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A new era dawns on Africa’s east coast
– by Claudia Isabel Rittel
Fibre-optic cables are the data highways of the digital era. They are only a few centimetres thick, but span extremely long distances. There are tens of thousands of kilometres of cable on the seabed of the world’s oceans, connecting Europe, Asia, Australia and North and South America. There is also a cable running along Africa’s west coast. However, until now, the east of Africa has been left out. Internet connection has only been possible via satellite.
However, there are a number of disadvantages facing people who cannot hook up to the main arteries of international data flows. Satellite connections are more expensive and slower, because data must cover much longer distances. There are often problems with connection, and satellite links even have to be shut down during severe storms. As a result, the opportunities that the internet offers remain considerably underutilised in eastern Africa.
“Currently, no e-commerce exists here at all,” says Hanif Abdulrasul. He has been running an advertising agency in Tanzania’s coastal town Dar es Salaam for 18 years. He expects many changes due to fibre-optic cable internet connection. “At the moment, we are unable to send printing orders through the web,” he says, adding that websites are currently only used as references. “Once we have a greater bandwidth, we will be able to take online orders and receive printing jobs over the internet.” He is certain that new companies will be formed, making use of the internet. Finally, prices should hopefully soon fall.
The costs are currently huge for internet access. Abdulrasul says it is $ 500 per month for a bandwidth of 128 kilobytes per second. “This is about the same as a very good DSL connection in Germany,” says Carsten Seth from the German web agency Netzlaboranten. According to Seth, companies pay about € 50 for similar services in Germany, albeit at much higher speed. In the future, three ocean cables will provide a faster, cheaper and more reliable connection in Tanzania. By connecting computers in East Africa to the global data highways they are expected to overcome the digital divide.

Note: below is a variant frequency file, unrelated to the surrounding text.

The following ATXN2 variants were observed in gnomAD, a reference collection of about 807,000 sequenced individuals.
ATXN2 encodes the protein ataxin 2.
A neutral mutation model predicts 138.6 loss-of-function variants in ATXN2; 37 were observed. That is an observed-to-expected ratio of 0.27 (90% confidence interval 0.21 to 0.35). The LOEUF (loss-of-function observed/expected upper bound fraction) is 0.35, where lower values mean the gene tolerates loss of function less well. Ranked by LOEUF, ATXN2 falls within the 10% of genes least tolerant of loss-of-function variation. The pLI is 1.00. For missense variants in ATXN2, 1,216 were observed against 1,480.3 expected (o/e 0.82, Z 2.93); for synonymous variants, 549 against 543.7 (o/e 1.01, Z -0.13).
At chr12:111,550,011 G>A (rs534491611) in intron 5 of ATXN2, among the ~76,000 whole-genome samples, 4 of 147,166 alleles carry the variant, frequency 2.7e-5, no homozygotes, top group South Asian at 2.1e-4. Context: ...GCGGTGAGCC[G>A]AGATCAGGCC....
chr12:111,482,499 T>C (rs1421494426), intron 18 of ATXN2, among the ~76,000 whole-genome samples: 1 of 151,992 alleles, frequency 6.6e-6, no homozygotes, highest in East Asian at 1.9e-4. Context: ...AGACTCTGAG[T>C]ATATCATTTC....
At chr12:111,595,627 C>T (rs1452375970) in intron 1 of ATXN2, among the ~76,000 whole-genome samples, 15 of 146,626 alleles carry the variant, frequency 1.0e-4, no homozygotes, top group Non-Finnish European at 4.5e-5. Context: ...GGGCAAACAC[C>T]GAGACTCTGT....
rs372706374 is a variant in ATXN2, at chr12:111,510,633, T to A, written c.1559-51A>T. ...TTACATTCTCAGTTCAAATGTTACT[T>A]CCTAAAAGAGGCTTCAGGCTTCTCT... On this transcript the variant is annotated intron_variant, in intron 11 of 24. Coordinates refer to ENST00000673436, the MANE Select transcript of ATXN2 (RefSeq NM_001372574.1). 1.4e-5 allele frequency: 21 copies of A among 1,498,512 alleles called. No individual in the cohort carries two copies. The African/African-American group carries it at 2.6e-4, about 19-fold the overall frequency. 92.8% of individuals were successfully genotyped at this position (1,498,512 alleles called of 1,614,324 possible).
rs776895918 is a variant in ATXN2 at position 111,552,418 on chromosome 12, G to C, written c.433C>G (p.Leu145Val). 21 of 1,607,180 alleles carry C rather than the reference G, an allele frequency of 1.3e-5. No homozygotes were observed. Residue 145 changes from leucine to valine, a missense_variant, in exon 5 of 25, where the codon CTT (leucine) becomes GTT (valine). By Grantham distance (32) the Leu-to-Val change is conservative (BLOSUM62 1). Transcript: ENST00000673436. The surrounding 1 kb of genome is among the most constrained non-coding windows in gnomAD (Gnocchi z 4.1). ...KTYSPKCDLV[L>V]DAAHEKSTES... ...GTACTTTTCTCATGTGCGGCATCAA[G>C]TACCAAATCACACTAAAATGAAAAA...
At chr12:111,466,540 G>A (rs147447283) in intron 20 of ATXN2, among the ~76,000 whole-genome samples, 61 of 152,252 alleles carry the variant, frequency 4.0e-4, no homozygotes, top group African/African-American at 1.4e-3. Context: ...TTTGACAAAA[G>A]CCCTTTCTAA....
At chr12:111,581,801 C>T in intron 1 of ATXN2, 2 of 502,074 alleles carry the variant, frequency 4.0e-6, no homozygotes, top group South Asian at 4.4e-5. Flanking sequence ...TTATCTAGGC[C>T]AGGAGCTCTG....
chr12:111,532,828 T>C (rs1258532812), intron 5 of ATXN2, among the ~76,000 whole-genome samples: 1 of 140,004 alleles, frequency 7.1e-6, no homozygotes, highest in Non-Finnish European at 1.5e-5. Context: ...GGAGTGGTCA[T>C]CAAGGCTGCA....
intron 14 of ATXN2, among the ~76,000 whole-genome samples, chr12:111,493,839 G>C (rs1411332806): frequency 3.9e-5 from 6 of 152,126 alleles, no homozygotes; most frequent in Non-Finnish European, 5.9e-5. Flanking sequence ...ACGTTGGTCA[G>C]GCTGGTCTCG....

Kenya’s president Mwai Kibaki launched the TEAMS cable (The East African Marine Systems cable) in mid-June. This cable is nearly 5,000 kilometres long and will connect Kenya’s port of Mombasa with the United Arab Emirates (UAE), and then throughout the world. It was initiated by the UAE and Kenya’s government. A number of private companies that need fast data connections are also involved.
The two other cables will ensure data transfer in the other direction. The East African Submarine Cable System (EASSy) is planned to go from South Africa along the east coast past the Horn of Africa through the Red Sea to Sudan. The original plan was drafted as long ago as 2003 in cooperation with various development banks and African telecommunications providers. However, implementation dragged on for so long that the Kenyan government began its own project in 2006 with TEAMS.
The three cables all meet in Kenya. Another cable has already been laid between South Africa and Mozambique. There are mainly private American investors behind its operator Seacom. The connection is currently undergoing testing and it should be ready to deliver top-quality images of the 2010 Soccer World Cup in South Africa around the globe.
All of the connections go to various sites on shore. From there, it is a matter of linking them to the national networks and connecting landlocked countries. Preparations have already been made. In Zambia, a landlocked neighbour of Tanzania, fibre-optic cables have already been laid between various towns, and connection with six bordering countries planned.
It is too early to predict the extent to which the general population will benefit from these large-scale projects. The Kenyan government is planning to set up digital villages, which combine technical service and opportunities for continuing education. The private sector is to take charge, and the government is supporting it with three-year loans. The government has created the Kenya ICT Board which will also look after it, as it is expecting much from the leap into fast internet.
The authorities hope, above all, that the ocean cable will bring opportunities for economic development, in call centres, for example, as demonstrated by many other English-speaking low-wage countries.
There is already a call centre in Kenya, Kencall. However, the technical conditions are much worse than those of Kencall’s Indian competitors, for example. Nicolas Nesbitt, president of Kencall, says that, in Kenya, almost $17,000 in internet fees per month would have to be paid to employ 25 staff. He says that other countries which are involved in the call centre business pay only between $600 and $1,000 for the same services. He is convinced that the call centre business will expand considerably once the high-quality connections are established, and that many jobs will be created.
Claudia Isabel Rittel